How to Manage Returns

As a planner, you are responsible for forecasting and projecting sales, margin rates, and inventory levels for your assigned product category. How do you generate this information? Through the thoughtful analysis of historical data coupled with current trends. A key factor that impacts your forecasts and is often overlooked is return rates. It is easy to disregard the impact of returns to your business when you are busy focused on quantifying sales velocities and receipt needs; however, returns should never be “out of sight, out of mind.” Since return rates can trend upwards of 50 percent (or more!) in some categories, it is necessary to build return rate assumptions into your buy plans and open-to-buys to show a more accurate inventory position and prevent purchasing unnecessary receipts. Returns data provides important information to your team. It can help you determine categories to grow or decline, vendors to discontinue, and site enhancements to better convey fit intent.

Returns Overview

Returns are items that a customer sends back to a company for a variety of reasons. For eCommerce retailers, common return reasons include the following: fit issues, quality issues, and the purchase of multiple sizes with the intent to return. Return rates can dramatically vary by category. ECommerce retailers can prevent categories such as intimates, makeup, and hosiery from being returned. Thus, these categories exhibit 0 percent return rates. Conversely, bridal dresses can have return rates around 50 percent. This is because customers tend to purchase multiple sizes of a desired style since they are unable to try on items in person.

Monitoring Returns

Return rates should be monitored frequently and it is up to both the planner and buyer to determine the taxonomy level or appropriate categorization to be analyzed. For example, as a planner overseeing a dress business, my team decided to analyze return rates at the vendor level. By assessing returns at the vendor level, we were able to identify vendors with increasing return rates and work with these partners to address the factors driving returns. My buyers realized that there were a handful of styles from one of our vendors garnering over a 60 percent return rate. After assessing customer feedback data from the returns, it was clear that these styles were tight in the bust and therefore did not fit our customer appropriately. With this information, we worked with the vendor to ensure that future styles did not have this issue and we were able to negotiate a return credit on the highly returned styles.

ECommerce retailers are equipped with a wealth of returns data, both quantitative and qualitative; therefore, it is easy to aggregate customer feedback and present these findings to vendor partners in order to mitigate high returns and rectify future orders.

 
Forecasting Returns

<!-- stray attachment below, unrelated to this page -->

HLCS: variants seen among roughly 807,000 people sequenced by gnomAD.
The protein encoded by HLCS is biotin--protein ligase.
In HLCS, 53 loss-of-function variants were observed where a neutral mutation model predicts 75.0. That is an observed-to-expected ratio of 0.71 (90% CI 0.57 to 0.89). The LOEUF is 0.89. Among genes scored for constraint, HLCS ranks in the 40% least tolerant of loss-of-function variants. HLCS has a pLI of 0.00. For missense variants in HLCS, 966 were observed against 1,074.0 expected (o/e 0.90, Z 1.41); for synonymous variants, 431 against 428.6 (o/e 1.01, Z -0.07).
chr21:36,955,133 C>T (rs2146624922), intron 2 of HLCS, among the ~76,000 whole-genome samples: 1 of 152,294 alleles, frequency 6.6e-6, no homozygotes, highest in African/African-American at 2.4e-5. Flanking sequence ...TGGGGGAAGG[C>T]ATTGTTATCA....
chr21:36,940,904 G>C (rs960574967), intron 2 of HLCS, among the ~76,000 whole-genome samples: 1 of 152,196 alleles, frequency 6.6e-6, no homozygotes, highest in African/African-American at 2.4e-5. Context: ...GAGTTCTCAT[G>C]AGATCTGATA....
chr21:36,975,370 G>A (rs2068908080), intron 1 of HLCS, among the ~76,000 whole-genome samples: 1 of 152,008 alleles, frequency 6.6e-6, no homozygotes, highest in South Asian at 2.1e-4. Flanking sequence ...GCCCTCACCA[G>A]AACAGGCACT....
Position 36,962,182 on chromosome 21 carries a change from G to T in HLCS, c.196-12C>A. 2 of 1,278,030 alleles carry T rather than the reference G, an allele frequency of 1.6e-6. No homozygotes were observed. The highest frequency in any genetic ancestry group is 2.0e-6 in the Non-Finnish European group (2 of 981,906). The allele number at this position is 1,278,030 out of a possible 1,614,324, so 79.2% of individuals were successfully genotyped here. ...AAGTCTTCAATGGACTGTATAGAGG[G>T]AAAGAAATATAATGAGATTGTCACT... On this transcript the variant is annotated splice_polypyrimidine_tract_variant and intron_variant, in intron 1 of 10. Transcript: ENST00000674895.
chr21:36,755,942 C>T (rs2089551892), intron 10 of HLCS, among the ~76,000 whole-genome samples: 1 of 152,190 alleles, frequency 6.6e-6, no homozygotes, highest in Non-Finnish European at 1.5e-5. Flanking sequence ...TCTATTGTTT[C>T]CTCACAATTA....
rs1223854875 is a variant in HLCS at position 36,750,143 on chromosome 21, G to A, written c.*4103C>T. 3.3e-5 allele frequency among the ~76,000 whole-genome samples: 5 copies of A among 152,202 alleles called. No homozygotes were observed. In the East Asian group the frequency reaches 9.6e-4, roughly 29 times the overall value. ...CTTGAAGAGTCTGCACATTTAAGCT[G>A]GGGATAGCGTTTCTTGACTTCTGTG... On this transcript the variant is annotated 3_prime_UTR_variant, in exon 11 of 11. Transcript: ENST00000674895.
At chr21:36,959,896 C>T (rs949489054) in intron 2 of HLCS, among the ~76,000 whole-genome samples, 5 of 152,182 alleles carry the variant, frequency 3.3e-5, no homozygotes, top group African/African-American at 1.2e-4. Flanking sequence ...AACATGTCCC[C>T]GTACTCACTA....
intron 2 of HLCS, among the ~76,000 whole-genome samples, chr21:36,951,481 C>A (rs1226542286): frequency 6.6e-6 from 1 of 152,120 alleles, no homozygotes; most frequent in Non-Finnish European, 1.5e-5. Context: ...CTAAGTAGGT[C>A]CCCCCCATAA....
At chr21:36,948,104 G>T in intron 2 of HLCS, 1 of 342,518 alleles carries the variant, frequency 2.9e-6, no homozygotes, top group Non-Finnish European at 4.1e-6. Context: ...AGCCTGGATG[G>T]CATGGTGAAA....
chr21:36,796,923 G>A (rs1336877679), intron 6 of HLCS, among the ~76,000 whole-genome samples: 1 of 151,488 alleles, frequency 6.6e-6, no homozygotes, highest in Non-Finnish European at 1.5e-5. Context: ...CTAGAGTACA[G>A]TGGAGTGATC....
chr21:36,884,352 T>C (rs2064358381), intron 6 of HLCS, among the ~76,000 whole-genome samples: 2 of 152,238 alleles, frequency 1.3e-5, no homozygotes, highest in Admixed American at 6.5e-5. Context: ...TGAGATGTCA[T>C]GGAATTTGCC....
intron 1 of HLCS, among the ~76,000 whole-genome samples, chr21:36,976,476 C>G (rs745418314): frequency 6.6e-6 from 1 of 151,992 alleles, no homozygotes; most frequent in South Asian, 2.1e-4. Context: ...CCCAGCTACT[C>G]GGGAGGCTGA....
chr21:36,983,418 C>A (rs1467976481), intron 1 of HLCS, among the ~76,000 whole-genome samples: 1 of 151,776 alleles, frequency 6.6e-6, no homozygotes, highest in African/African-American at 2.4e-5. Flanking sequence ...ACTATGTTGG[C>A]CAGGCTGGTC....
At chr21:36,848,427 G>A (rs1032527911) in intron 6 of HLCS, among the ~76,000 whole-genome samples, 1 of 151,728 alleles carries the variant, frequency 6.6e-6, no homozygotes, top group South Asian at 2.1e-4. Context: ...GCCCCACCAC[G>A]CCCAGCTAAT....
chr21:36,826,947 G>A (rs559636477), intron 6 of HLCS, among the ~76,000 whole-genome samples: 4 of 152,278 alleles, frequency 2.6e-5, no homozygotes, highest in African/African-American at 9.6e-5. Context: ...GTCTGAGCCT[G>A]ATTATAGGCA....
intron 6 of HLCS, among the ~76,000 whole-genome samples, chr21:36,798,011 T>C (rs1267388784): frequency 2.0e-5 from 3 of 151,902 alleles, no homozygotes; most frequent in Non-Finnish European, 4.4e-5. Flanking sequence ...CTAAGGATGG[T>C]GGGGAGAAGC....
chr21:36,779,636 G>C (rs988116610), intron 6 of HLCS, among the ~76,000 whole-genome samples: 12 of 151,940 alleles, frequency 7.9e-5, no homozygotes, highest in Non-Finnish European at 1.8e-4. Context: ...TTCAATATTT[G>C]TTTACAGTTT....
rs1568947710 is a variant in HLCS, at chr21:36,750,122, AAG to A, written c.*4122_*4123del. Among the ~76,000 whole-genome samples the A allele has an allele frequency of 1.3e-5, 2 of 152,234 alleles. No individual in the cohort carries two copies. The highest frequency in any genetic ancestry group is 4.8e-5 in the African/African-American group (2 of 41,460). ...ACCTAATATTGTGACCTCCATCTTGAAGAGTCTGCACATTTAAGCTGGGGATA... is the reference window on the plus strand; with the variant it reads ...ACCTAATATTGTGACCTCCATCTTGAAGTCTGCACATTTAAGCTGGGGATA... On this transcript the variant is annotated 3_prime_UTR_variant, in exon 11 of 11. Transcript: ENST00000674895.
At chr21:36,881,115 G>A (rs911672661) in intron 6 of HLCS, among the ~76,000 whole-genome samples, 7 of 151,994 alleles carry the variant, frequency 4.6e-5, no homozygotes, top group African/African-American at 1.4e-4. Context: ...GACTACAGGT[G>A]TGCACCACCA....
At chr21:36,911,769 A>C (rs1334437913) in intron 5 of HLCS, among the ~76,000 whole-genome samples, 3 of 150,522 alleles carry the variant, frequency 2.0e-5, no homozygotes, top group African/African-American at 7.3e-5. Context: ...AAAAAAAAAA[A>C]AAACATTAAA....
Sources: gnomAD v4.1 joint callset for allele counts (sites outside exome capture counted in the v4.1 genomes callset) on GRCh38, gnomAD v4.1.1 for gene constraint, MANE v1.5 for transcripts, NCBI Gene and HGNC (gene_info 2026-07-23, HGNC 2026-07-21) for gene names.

Why is it important to forecast returns in your plans? To provide an accurate picture of inventory and ensure proper receipt recommendations are made. Let’s walk through a quick example.

Imagine that you are an inventory planner managing the sweaters business at your company. You are planning your Q1 sales and inventory positioning, which of course takes into account carry over inventory from Q4. Given that sweaters are a gifting category in Q4, it is important to account for a spike in returns during the months of November, December, and January. You look at historical return rates date for the past two years and notice that return rates increase to 25 percent versus an average of 20 percent in the previous months. You then update your open to buy to account for a 25 percent return rate in these months.

By doing this, you are assuming that a quarter of your inventory will be returned by customers and re-enter your pool of inventory. By factoring this in, you prevent purchasing excess receipts to support sales since a greater proportion of your units will be returning to your warehouse as returned merchandise. Now, it is important to note that if your returns are due to poor quality, bad fit, or other product issues, you can consider return credit negotiations with your vendor partners or product liquidation. The return rate assumptions that you build into your open-to-buy or buy plan assume that inventory returned is saleable to customers (i.e. the item is not being returned because of an unfixable garment issue).

Conclusion

Keep a close eye on your return rates and be sure to address potential returns issues as early as possible. Vendors are amenable to negotiating returns credits if you provide them with data and customer comments. Maintain an open dialogue with partners if you are seeing trends in your return reasons.

For more information on the metrics inventory planners need to track, and how to track them, download our Retail Math Guide. For more information on the inventory planning role and how to do it effectively at your retail business, download A Guide to Inventory Planning.

Anusha Mohan

Anusha has worked in the retail industry for over six years, with experience in both the Inventory Management and Merchandising functions. She's a big fan of live music, solo museum trips, and can be easily convinced to perform a spoken word piece.

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